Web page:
E-newsletter

Sign up to our weekly newsletter

Home  >  Features  >  Passage from India

Passage From India

This article first appeared in the 2012 issue of Life and Work

PASSAGE FROM INDIA

Jackie Macadam learns how women in Glasgow have learned financial lessons from an Indian model.

 

IN January 2011, 13 women from some of the most economically challenged areas of Glasgow went on a journey of discovery to India, organised by the Priority Areas Committee of the Church of Scotland.


But it wasn’t a holiday – they were there to find out about how women who live in the levels of absolute poverty organised themselves in self-help groups (SHGs) to help better their own lives and give their families and children a viable future.

The women were from seven locations throughout Glasgow – some had church connections and some didn’t. For ten days they met and interacted with women who were living and raising their families with no welfare state safety net in case they become ill or lose any of their meagre income.

“In spite of the poverty, the level of aspiration is really high,” Noel Mathias, Ministries Support Officer for Priority Areas and Project Co-ordinator in Glasgow says. “The women from Glasgow found that in spite of the differences in income and living standards between the Indian and Scottish context, many of their problems and experiences of poverty as women were very similar.

“But in India, they have developed a system of micro-credit that enables women in SHGs to engage in income-generating activities and take control of their lives in the economy and in the personal sphere throughout the country.

“There are around 40 million women involved in these self-help groups. They hold regular meetings, save a small amount of money at each meeting and train together. The SHG ideology enables the poor to gradually build their own institutions, create wealth and gain self-worth and confidence.”

Since their return, those who went to India have been busy ‘recruiting’ women and setting up Self-Reliant Groups (SRGs) built around the principles of trust, mutual help and solidarity. Some are further advanced than others. One has been running for a year.

Provanhill SRG in the north-east of the city, was established in February 2011. There are eight women in the group; they hold regular meetings and each person puts £1 away each time. As it’s a small, local group, they’re best placed to see what needs done in their own community.

“They saw themselves as a ‘self-reliant’ group,” says Noel. “With their local knowledge, they realised that there was nothing in the area for the elderly. There was nowhere for older people to go. They decided they wanted to do something about that, and not leave it to the government to step in.

“They started a lunch club with the capital they had built up through their meetings. That was such a success that the lunch club is now in profit. The women are planning a laundry service in tune with the local ‘market’.”

 

“There’s a delicate balance when the women involved are on benefits,” he says. “We want people to get confident enough of the income to come off benefits, but we don’t want them to be stripped of their benefits without that security. Policy change at the highest level to gradually reduce benefits and allow a smooth transition between income streams is needed. If you pull away the security of benefits too quickly, people are frightened off. They won’t even try to self-sustain.”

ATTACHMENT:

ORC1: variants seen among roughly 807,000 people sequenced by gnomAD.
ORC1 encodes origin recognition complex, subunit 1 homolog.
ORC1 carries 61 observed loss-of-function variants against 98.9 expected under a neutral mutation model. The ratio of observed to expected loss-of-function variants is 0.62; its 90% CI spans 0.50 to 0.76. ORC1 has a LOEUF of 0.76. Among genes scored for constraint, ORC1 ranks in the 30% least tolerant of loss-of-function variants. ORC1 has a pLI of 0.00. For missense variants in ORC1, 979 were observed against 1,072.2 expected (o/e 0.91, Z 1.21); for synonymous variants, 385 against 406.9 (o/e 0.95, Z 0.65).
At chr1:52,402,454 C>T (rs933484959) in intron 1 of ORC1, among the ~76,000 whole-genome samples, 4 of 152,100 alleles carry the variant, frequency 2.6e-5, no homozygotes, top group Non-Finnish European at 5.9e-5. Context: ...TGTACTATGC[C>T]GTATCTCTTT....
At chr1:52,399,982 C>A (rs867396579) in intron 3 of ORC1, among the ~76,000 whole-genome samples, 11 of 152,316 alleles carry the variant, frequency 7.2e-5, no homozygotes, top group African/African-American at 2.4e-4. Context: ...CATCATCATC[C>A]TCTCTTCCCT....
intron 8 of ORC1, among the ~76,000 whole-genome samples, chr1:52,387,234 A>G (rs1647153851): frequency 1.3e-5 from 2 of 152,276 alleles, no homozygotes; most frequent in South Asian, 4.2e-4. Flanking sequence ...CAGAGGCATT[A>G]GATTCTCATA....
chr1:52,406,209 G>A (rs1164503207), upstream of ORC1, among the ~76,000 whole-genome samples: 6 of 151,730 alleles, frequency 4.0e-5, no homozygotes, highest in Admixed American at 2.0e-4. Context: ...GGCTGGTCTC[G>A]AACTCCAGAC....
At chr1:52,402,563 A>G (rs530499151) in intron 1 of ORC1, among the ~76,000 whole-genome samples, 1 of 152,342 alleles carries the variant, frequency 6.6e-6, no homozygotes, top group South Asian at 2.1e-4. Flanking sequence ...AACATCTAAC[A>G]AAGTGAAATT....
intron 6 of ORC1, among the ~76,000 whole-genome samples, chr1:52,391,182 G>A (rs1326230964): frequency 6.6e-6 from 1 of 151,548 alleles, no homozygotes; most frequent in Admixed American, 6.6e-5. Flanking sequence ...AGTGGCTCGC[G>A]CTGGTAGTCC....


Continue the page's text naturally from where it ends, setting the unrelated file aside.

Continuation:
One of the most positive features of the project, called ‘Passage from India”, is the sense of community it builds. People often feel powerless and alone – but being in a dynamic, positive group who are helping the community directly, contributing ideas and stepping out on their own feet, is very empowering.

“As one woman said, ‘we realise now we don’t have to wait for the government to do it for you’. Why walk when you can dance?” says Noel.

“That sense of ownership, of being able to help yourself, is a tremendously powerful feeling. It helps raise self-esteem, gives people the confidence to make their own decisions, to plan budgets and inspires them to believe in themselves. It gives rise, as the women in India found, to hopes and aspirations for a better future.”

Noel admits that it is principally women who are involved in the projects at present. “In India, they did try to involve men initially too. Unfortunately they discovered very quickly that men tended to spend the income on themselves whereas women were much more likely to plough it back into the projects they were involved in, and helped many, many more people – including their own families – as a direct result.

The groups are progressing at their own pace and Noel hopes that more will be set up in other Scottish cities and areas – Edinburgh, Dundee and Fife – over the next three years.

“The microcredit system doesn’t look at the credit–worthiness or rating of the individual members in the way the current financial system does – it looks at the security of the group. Small loans to help launch microenterprises are made to the group as a whole, never to individuals, and only once the group is established and secure. Microcredit and the ethos of the SRG movement has the huge potential to scale up the aspirations and relationships in local communities and make a lasting impact on our Scottish socio-economic landscape; and that is our vision for Passage from India.”